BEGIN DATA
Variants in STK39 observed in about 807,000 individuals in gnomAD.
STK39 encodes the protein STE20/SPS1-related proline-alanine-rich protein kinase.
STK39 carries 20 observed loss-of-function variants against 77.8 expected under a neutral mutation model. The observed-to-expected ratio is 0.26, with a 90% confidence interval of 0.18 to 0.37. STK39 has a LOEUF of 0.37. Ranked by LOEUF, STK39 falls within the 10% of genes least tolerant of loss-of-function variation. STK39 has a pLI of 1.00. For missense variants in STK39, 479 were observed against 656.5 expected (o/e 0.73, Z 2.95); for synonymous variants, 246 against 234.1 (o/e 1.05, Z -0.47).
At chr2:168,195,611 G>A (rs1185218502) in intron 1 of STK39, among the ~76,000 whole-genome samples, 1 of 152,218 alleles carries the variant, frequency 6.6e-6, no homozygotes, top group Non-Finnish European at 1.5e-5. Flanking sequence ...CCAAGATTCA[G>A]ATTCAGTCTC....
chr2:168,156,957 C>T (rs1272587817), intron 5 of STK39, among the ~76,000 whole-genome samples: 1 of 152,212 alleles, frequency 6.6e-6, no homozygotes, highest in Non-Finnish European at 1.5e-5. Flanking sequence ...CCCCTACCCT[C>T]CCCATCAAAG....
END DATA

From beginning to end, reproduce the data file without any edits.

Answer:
Variants in STK39 observed in about 807,000 individuals in gnomAD.
STK39 encodes the protein STE20/SPS1-related proline-alanine-rich protein kinase.
STK39 carries 20 observed loss-of-function variants against 77.8 expected under a neutral mutation model. The observed-to-expected ratio is 0.26, with a 90% confidence interval of 0.18 to 0.37. STK39 has a LOEUF of 0.37. Ranked by LOEUF, STK39 falls within the 10% of genes least tolerant of loss-of-function variation. STK39 has a pLI of 1.00. For missense variants in STK39, 479 were observed against 656.5 expected (o/e 0.73, Z 2.95); for synonymous variants, 246 against 234.1 (o/e 1.05, Z -0.47).
At chr2:168,195,611 G>A (rs1185218502) in intron 1 of STK39, among the ~76,000 whole-genome samples, 1 of 152,218 alleles carries the variant, frequency 6.6e-6, no homozygotes, top group Non-Finnish European at 1.5e-5. Flanking sequence ...CCAAGATTCA[G>A]ATTCAGTCTC....
chr2:168,156,957 C>T (rs1272587817), intron 5 of STK39, among the ~76,000 whole-genome samples: 1 of 152,212 alleles, frequency 6.6e-6, no homozygotes, highest in Non-Finnish European at 1.5e-5. Flanking sequence ...CCCCTACCCT[C>T]CCCATCAAAG....